Cathay is undergoing a “comprehensive review” of regional organization including Northeast Asia, which consists of Japan, Taiwan and Korea, the airline’s Japan office said in emailed comments. Employees in Japan were briefed on the general outline of the new organization at a July 23 meeting, where the voluntary early retirement program was also announced, it said.
Chief Executive Officer Rupert Hogg is trying to turn around Cathay’s fortunes in the face of growing competition from budget carriers and Chinese rivals. Cathay — which cut 600 jobs in Hong Kong last year — would be looking at restructuring overseas operations after the efforts in its home city, Chairman John Slosar said in August last year.
The restructuring process has yet to be finalized, Cathay Japan said in the statement. A spokeswoman at Cathay’s South Korean office said it’s undergoing structural changes in line with what has been done at the Hong Kong headquarters and declined to specify whether there would be job losses. Taiwan operations will follow the structure set by the head office, Cathay’s Taipei office said in an email.
The comments follow a South China Morning Post report that the airline plans to cut jobs at its overseas operations. The company has about 7,600 employees based in 100 locations outside Hong Kong, according to the report, which didn’t say how many would be affected.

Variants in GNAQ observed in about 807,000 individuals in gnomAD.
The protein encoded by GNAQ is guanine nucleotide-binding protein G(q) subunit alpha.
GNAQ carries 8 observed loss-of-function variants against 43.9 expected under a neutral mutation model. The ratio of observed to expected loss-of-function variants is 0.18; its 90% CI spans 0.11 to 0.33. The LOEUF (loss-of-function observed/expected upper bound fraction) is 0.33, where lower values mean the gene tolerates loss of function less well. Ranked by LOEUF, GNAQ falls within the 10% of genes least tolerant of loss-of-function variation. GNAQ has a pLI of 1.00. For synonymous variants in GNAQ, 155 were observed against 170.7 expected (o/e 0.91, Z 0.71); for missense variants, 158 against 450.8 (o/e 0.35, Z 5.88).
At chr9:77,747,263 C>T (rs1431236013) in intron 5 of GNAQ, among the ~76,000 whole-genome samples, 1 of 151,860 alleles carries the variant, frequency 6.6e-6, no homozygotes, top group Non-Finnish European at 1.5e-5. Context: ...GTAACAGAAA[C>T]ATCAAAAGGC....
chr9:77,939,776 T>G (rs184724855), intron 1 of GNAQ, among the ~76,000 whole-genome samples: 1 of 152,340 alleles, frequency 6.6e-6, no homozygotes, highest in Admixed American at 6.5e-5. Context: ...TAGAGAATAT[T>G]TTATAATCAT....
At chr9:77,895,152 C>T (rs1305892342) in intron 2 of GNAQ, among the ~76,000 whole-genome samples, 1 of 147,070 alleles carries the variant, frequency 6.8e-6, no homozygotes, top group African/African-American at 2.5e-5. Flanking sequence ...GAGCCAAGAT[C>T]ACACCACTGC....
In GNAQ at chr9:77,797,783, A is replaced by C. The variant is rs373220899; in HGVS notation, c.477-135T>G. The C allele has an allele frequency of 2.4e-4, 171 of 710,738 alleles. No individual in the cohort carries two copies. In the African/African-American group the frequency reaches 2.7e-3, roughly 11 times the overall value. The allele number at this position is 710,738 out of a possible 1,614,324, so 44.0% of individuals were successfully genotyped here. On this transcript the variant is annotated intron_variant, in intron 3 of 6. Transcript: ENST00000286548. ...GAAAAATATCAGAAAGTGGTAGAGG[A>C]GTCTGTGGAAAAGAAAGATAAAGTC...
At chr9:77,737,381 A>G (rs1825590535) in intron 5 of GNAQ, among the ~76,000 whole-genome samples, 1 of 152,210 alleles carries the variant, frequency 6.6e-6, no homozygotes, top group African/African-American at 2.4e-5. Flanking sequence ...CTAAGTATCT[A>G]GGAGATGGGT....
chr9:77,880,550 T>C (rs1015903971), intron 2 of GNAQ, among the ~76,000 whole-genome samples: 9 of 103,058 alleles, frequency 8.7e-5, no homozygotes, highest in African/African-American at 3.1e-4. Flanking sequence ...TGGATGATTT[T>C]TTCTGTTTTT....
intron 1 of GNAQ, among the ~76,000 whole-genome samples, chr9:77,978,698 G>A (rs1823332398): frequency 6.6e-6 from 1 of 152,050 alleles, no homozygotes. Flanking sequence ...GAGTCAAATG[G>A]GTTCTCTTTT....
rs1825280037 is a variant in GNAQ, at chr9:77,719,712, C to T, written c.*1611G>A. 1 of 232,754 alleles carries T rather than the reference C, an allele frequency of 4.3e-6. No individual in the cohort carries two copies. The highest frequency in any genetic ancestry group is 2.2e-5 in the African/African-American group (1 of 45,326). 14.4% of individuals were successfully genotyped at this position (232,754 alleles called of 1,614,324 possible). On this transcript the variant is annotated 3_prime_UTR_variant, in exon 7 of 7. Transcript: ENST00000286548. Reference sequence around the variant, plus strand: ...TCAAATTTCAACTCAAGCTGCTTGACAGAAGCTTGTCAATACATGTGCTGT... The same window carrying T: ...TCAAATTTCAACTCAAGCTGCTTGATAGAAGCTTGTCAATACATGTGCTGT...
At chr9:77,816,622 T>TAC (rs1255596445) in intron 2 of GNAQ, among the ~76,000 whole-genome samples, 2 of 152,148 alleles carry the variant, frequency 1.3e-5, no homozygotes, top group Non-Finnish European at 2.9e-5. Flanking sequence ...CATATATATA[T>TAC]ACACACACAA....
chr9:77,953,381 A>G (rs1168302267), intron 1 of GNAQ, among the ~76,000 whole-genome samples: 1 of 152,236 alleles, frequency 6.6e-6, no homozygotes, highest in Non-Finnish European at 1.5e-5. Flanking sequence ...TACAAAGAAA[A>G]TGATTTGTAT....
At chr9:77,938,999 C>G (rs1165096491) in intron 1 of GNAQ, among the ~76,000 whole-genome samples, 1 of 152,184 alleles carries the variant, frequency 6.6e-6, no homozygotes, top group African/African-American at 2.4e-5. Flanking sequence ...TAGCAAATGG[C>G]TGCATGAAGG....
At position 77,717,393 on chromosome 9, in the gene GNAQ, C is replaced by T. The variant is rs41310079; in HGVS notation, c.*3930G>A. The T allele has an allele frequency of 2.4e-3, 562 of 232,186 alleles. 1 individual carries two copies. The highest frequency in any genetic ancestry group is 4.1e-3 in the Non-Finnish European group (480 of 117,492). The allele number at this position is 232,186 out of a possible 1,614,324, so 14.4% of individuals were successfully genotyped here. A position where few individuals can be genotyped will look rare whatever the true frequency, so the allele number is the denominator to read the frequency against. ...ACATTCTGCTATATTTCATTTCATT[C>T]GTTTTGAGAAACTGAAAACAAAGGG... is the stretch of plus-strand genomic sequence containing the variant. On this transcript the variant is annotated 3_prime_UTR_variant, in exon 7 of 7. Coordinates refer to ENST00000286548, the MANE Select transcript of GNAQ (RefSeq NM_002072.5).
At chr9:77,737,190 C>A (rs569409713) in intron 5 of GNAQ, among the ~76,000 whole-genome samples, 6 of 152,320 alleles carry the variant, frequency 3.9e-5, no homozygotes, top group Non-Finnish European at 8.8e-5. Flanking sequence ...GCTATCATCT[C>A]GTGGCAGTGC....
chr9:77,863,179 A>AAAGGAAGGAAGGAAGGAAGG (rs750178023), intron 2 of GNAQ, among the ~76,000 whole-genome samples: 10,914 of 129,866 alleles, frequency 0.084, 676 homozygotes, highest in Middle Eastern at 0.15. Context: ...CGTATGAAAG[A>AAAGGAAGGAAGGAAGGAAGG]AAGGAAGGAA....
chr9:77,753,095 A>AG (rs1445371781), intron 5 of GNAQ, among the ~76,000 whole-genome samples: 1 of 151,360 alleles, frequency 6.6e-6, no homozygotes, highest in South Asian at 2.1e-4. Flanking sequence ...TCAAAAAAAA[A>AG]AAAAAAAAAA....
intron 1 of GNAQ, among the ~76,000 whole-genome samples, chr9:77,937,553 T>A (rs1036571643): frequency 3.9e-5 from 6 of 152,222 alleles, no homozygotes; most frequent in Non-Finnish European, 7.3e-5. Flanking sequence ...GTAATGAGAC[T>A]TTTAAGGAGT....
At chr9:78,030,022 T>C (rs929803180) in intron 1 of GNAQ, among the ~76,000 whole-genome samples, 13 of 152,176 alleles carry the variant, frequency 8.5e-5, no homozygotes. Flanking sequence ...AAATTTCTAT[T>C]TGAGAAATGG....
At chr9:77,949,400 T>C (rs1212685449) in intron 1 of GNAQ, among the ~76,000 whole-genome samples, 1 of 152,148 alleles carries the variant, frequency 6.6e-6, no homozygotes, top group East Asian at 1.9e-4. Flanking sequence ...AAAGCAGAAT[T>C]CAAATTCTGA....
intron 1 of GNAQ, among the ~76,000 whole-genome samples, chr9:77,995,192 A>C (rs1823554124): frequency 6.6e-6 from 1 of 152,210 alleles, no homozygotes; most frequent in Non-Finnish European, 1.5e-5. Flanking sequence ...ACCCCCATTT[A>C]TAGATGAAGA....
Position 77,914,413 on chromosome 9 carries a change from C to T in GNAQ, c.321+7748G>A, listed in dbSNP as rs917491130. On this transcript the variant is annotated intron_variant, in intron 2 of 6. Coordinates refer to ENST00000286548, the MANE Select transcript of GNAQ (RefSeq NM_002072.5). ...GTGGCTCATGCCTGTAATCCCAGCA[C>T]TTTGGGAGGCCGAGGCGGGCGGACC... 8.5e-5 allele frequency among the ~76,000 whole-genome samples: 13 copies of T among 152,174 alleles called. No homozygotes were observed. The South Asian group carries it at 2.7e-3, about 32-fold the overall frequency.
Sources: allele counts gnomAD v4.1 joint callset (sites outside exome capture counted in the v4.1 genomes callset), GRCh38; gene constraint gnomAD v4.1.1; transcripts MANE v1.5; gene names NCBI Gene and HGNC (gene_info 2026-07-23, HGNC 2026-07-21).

Cathay is reorganizing other teams to enable quicker and better informed decisions to be made, following the redesign of its head office structure, the carrier’s Hong Kong office said in an emailed response to questions.
An internal memo has been shared with employees on the restructuring, and this work will continue over the coming months, Cathay said. The aim is to establish a structure that “modernizes our ways of working and thinking, makes us leaner and more agile,” the airline said, without referring to any job cuts.
The carrier will reduce costs by more than HK$4 billion ($510 million) over three years under its reform plan, with about HK$1 billion expected to come from scaling back pilots’ benefits and allowances, the newspaper said. Cathay has yet to reach any agreement with its pilots.
Increased earnings from associates including Air China Ltd., in which Cathay owns 18 percent, helped the Hong Kong carrier post a net income of HK$792 million in the second half of 2017. Still, competition from Chinese airlines and fuel-hedging losses resulted in a full-year net loss of HK$1.26 billion. That was its widest loss in five years, based on data compiled by Bloomberg.
–With assistance from Adela Lin.
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